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Start Using XCOPY to Speed up Transferring Files

Updated on November 23, 2016

The Need for Speed

People are copying, storing, backing up, and sharing more and more media files than ever. While it's important to have fast CPU’s, lots of RAM, and plenty of storage on a drive with good speed (if not a Solid State Drive), one of the easiest and best ways to save time transferring files is by using a simple cmd line tool called XCOPY.

Even if you're not familiar or comfortable using the cmd line interface, XCOPY is one of the easiest commands to learn and use. Why Use XCOPY? Because in Windows, that pretty little graphic display you see that shows you files are being transferred is actually eating up processor speed and slowing the file transfer down! By exactly how much you ask? Glad you asked, Read on and I’ll show you.

Timing is Everything

Lets say I want to copy my music files from my local HD to my external drive. I open up both windows, select my music file, hit the CTRL keys + C (Copy), and then in my External USB Window hit the CTRL + V keys (Paste). Note - I personally always copy and paste to ensure files don't placed in the wrong directory, and that they were copied and not moved.

Windows 7 is estimating this transfer will take an hour or so. (Pic above). For the sake of this article I (painfully) let this run and it actually took 20 minutes. Now, lets try to use XCOPY to copy these files and see how long it takes.

Example 1

First, I’ll get to my command prompt by using the search box in Windows 7 (Desktop --> Windows Icon bottom left corner --> where it says "Search programs and files" and type CMD. If you are running Windows Vista do the same, if you are running Windows XP go to start, run, and type CMD.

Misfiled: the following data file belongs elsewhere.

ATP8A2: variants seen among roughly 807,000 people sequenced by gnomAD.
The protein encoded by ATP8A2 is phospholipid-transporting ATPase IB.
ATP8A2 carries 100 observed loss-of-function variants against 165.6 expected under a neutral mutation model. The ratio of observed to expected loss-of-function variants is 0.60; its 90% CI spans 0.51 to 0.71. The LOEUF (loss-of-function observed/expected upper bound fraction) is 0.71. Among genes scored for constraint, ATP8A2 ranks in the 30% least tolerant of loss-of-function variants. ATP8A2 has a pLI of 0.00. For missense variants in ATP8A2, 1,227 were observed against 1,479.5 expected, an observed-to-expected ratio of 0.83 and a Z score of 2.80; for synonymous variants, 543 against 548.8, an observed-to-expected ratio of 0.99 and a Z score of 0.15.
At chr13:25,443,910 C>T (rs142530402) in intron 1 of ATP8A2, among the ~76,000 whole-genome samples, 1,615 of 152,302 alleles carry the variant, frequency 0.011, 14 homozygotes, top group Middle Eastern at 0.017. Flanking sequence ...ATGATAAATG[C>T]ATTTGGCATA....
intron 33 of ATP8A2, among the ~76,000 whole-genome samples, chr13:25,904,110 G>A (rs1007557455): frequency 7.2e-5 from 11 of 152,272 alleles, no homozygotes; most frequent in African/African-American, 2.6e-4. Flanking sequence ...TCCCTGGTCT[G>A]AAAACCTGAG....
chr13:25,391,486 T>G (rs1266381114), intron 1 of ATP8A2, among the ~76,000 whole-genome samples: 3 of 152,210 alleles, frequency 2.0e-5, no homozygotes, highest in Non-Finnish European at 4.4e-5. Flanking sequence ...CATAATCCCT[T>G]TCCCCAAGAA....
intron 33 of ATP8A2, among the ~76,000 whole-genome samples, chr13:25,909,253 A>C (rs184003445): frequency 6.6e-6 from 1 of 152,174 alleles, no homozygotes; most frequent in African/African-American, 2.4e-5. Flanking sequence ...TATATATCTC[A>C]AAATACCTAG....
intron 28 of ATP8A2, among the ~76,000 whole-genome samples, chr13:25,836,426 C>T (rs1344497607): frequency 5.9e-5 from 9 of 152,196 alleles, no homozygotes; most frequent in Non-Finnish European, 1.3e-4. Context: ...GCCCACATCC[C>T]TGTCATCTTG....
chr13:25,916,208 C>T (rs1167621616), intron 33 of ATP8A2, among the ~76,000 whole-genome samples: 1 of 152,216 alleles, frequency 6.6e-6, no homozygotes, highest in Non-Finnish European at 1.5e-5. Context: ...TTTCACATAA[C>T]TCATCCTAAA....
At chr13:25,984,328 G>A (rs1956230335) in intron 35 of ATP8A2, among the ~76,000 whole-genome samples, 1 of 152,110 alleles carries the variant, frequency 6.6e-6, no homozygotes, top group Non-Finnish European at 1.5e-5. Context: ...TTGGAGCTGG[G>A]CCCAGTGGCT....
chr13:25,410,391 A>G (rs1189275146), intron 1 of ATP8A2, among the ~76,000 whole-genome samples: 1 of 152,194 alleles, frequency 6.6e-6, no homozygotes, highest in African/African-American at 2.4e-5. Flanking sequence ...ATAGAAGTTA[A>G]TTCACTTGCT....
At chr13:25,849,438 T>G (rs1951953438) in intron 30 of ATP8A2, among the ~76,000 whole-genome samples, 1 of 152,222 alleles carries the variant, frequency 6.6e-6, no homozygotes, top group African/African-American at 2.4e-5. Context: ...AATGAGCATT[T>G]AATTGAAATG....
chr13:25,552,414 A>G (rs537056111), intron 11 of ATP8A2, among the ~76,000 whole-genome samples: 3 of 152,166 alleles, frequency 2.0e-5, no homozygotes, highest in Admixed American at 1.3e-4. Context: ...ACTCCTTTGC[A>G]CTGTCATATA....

The black screen that appears is the cmd prompt. Now I will Type XCOPY C:\music H:\music /s /e.

I was able to copy my files in ten minutes. Here's a quick breakdown of the syntax:

First, always start with XCOPY. Next you type the source, in my case the C drive and the folder “photos”. Then second you enter the destination. My external drive is H and the folder I want to copy the contents of photos into is also creatively named photos. The s “copy all directories and subdirectories even if empty” and e ”copy all subdirectories even if empty” tags are necessary. Without them you will see individual files were copied (from the main directory) but not the subdirectories. Please check this link for a full break down of syntax used.


Generally speaking, if you are copying an entire directory from one drive to another, the /s and /e tags will usually do the trick. Tip – after your transfer is done you should always check the folder size on both drives to make sure they are the same (right click the folder and select properties).

Example 2

In this example Ill copy the contents of my spreadsheet folder into a network share. The syntax is the same, XCOPY C:\spreadsheets “S:\user share” /s /e

You may have noticed I used quotes this time, this is because of the space between user and share, the cmd line will not recognize this drive without them.

Since you're copying files and not moving them your risk is limited, but before you try copying any wedding photos or baby pictures I would run a test or two first to get the hang of XCOPY. With just a little bit of effort you can speed up your file transfers and maybe even show off to your friends a bit.


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    • kschang profile image

      kschang 4 years ago from San Francisco, CA, USA

      Good tip. For those who are command-line allergic, Teracopy may be of some assistance:


    • profile image

      JC 3 years ago

      teracopy was significantly slower for me

    • howlermunkey profile image

      Jeff Boettner 3 years ago from Tampa, FL

      Thanks JC, yeah results seem to vary with teracopy for me as well. I've been using robocopy or xcopy lately. Thanks for stopping by, -- J

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